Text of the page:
Indications for Medical Compression Stocking in Chronic Venous Diseases
Dr. Eberhard Rabe started his presentation with studies showing improvement in using medical compression stockings. He said that 51 new pieces of evidence recommend using these stockings for various diseases. In this presentation, the objectives are to provide update of the recommendations in the 2008 consensus statement, fill gaps identified in the earlier consensus statement and provide graded recommendations for the clinical goal of treatment using medical compression stockings (MCS).
Dr. Rabe discussed the usage of compression stockings in such states as symptoms of chronic venous diseases (CVD), quality of life, and edema. He was stating that symptoms are the key and important for the patients to use compression therapy.
Studies reported that compression provides relief of pain and leg cramps, in addition to improving quality of life and healing. Not only that, but also evidence demonstrated that low-ankle pressure GCTs help to prevent flight-induced ankle edema.
So, he recommended using compression stockings to prevent leg swelling, alleviate venous symptoms in CVD and improve individual’s health.
Moreover, some other studies comparing low compression (10-20 mmHG) to placebo (<or=6 mmHG) or no compression state that low compressions are favored to be used in decreasing subjective symptoms. It is able to reduce evening edema as well.
Skin changes could appear on different people for various reasons, compression stockings can be used to improve skin changes like eczema and inflammation in legs. Another study showed that MCS can improve skin changes in patients with lipodermatosclerosis.
Venous leg Ulcers (VLU) are open, often painful, sores in the skin that take more than a month to heal. They usually develop on the inside of the leg, just above the ankle.
Evidence shows that using high compression MCS lowers the rates of venous ulcer recurrence. Further, using “ulcer kits” improves VLU healing and reduces pain in patients with VLU.
To illustrate more, a study shows that two-layer ulcer MCS (ulcer kits) and Four-layer bandage treatment have similar ulcer healing rate as 70.9% hosiery 70.4% bandage respectively.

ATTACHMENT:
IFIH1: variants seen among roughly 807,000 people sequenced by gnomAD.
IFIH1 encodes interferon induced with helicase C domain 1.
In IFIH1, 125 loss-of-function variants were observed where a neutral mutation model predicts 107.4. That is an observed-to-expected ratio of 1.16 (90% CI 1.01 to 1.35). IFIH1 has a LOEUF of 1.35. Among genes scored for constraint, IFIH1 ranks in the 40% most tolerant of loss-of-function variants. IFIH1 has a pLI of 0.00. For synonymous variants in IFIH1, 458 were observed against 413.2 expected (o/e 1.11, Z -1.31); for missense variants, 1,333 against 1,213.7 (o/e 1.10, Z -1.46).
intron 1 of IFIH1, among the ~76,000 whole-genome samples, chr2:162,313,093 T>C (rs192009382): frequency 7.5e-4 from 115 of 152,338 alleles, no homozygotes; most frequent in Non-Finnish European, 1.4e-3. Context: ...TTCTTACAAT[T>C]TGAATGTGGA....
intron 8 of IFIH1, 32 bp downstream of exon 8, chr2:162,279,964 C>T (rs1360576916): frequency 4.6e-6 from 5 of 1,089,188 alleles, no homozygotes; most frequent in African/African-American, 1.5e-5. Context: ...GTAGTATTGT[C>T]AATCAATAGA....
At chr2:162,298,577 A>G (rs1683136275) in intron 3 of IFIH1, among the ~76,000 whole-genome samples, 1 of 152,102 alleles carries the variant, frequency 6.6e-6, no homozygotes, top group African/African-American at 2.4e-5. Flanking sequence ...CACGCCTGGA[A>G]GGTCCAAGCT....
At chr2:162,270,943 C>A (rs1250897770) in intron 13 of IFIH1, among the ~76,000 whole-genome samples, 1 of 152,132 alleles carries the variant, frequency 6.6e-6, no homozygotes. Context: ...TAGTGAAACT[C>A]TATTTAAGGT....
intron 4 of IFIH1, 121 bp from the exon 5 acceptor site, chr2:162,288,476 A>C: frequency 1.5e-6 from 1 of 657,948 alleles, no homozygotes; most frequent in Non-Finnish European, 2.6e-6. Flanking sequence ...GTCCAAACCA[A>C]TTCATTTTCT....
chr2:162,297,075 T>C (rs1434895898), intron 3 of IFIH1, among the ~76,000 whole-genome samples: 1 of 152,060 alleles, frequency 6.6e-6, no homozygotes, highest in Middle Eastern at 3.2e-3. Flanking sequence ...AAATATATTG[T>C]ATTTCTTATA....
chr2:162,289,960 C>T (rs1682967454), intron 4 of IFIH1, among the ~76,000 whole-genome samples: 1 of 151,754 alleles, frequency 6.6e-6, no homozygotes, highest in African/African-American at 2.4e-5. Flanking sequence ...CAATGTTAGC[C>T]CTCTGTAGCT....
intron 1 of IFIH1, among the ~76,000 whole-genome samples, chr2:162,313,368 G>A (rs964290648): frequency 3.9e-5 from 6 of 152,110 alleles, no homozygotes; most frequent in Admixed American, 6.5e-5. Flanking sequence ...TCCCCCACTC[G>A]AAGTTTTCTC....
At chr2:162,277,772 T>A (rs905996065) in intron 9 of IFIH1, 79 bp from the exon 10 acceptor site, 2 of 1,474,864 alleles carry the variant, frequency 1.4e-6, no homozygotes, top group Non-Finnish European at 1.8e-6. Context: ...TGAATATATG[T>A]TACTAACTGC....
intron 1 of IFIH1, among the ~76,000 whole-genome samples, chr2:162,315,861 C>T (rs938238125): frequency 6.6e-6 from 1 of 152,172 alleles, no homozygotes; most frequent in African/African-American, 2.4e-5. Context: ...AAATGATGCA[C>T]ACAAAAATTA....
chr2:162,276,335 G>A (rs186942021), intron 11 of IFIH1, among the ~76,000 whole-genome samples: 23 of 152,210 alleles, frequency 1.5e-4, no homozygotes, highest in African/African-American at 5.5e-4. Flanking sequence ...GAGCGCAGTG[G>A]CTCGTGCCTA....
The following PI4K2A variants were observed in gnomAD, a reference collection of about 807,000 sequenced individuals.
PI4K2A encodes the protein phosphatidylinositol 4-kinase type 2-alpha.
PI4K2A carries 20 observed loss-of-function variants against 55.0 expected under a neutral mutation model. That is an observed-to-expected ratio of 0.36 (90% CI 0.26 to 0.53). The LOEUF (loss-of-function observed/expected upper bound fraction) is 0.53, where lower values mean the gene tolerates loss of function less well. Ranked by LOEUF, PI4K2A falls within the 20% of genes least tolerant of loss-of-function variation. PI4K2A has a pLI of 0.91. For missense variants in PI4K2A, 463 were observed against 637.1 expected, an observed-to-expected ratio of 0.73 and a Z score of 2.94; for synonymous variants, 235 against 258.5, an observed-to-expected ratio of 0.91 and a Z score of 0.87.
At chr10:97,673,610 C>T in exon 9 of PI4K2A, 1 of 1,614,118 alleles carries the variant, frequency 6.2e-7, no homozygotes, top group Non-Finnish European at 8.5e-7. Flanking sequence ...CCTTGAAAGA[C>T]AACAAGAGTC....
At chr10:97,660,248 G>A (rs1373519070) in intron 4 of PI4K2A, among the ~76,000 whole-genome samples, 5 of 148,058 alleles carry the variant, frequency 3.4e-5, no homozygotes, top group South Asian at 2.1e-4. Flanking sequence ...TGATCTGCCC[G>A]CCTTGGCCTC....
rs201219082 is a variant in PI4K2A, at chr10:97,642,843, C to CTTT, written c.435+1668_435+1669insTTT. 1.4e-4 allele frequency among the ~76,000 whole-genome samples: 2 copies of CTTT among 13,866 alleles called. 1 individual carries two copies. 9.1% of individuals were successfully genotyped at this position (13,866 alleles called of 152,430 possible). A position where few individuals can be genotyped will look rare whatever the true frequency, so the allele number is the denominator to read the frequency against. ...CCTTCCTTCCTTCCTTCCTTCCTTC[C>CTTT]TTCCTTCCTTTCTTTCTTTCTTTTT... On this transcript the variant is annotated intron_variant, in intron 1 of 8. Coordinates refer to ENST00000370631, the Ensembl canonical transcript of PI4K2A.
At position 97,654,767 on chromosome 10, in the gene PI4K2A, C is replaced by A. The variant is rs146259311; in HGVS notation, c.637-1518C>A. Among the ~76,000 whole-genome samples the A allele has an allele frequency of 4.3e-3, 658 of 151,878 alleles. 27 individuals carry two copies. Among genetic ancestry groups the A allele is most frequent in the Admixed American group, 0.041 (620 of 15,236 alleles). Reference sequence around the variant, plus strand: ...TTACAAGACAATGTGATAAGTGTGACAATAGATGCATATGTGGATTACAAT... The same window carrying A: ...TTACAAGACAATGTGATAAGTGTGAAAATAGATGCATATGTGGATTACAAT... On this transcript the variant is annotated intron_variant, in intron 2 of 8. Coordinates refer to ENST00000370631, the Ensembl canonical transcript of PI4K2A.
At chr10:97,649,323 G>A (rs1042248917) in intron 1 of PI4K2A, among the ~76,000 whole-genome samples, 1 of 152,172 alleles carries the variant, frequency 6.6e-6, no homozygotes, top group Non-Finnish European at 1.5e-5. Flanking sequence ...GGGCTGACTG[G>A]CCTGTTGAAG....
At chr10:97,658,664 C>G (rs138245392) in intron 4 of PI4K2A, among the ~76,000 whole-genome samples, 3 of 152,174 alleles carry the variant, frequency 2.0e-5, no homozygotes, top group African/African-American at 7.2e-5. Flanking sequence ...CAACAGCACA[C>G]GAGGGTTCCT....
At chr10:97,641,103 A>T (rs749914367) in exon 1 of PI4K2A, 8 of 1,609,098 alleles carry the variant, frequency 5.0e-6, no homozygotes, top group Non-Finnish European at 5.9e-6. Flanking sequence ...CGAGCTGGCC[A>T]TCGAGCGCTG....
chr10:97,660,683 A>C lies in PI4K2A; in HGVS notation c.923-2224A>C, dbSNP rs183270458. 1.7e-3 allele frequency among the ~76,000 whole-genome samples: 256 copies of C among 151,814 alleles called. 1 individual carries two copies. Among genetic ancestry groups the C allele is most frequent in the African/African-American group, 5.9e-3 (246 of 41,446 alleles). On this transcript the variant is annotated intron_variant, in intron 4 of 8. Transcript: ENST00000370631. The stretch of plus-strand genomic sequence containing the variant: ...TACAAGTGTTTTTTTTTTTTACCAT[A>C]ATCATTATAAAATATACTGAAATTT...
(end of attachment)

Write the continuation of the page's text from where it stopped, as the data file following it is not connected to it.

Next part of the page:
MCS may be more cost-effective compared to compression bandage (CB).
Some reasons why MCS may not be chosen:
- Circumferential ulcers / huge ulcer size
- Untypical locations (e.g., Foot)
- High amount of exudate
- Gross Edema
Further studies are needed to provide data on usage of MCS for prevention of CVD progression.
Evidence shows that usage of MCS in initial phase after great saphenous vein (GSV) treatment reduces postoperative side effects, also using eccentric compression to enhance effectiveness of MCS in reducing postoperative side effects. Furthermore, after GSV interventions patients with chronic venous insufficiency (CVI) symptoms use prolonged MCS to improve clinical success and the use of MCS after liquid sclerotherapy of C1 veins to achieve better outcomes.
Post-thrombotic syndrome (PTS) is a condition that can happen to people who have had deep vein thrombosis (DVT) of the leg. It can cause chronic pain, swelling, and other symptoms in the leg.
Immediate application of MCS after diagnosis of DVT in order to prevent PTS and also for treatment of symptomatic PTS.
A study then compares the use of immediate compression and no immediate compression after 3 months. It showed that the immediate compression has significantly less objective Villalta parameters with less skin induration, hyperpigmentation, venectasia and less pain of calf compression.
Based on current evidence, 14 recommendations for chronic venous disorders and 2 for prevention of PTS were made.